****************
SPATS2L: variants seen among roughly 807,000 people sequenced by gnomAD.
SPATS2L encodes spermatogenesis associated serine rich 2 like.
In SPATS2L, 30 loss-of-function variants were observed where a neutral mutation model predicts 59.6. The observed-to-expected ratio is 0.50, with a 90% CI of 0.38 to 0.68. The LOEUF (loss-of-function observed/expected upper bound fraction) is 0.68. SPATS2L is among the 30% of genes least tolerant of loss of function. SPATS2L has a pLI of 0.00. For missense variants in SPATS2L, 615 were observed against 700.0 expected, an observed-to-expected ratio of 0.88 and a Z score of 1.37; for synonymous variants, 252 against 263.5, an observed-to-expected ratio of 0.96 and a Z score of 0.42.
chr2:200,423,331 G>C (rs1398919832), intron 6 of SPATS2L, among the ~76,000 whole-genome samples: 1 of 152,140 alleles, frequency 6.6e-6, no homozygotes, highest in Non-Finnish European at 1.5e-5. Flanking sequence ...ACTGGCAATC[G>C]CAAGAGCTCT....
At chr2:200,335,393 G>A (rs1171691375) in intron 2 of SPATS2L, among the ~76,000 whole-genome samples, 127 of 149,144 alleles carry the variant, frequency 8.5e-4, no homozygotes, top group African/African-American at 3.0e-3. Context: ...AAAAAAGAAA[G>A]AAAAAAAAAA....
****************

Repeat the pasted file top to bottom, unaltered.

SPATS2L: variants seen among roughly 807,000 people sequenced by gnomAD.
SPATS2L encodes spermatogenesis associated serine rich 2 like.
In SPATS2L, 30 loss-of-function variants were observed where a neutral mutation model predicts 59.6. The observed-to-expected ratio is 0.50, with a 90% CI of 0.38 to 0.68. The LOEUF (loss-of-function observed/expected upper bound fraction) is 0.68. SPATS2L is among the 30% of genes least tolerant of loss of function. SPATS2L has a pLI of 0.00. For missense variants in SPATS2L, 615 were observed against 700.0 expected, an observed-to-expected ratio of 0.88 and a Z score of 1.37; for synonymous variants, 252 against 263.5, an observed-to-expected ratio of 0.96 and a Z score of 0.42.
chr2:200,423,331 G>C (rs1398919832), intron 6 of SPATS2L, among the ~76,000 whole-genome samples: 1 of 152,140 alleles, frequency 6.6e-6, no homozygotes, highest in Non-Finnish European at 1.5e-5. Flanking sequence ...ACTGGCAATC[G>C]CAAGAGCTCT....
At chr2:200,335,393 G>A (rs1171691375) in intron 2 of SPATS2L, among the ~76,000 whole-genome samples, 127 of 149,144 alleles carry the variant, frequency 8.5e-4, no homozygotes, top group African/African-American at 3.0e-3. Context: ...AAAAAAGAAA[G>A]AAAAAAAAAA....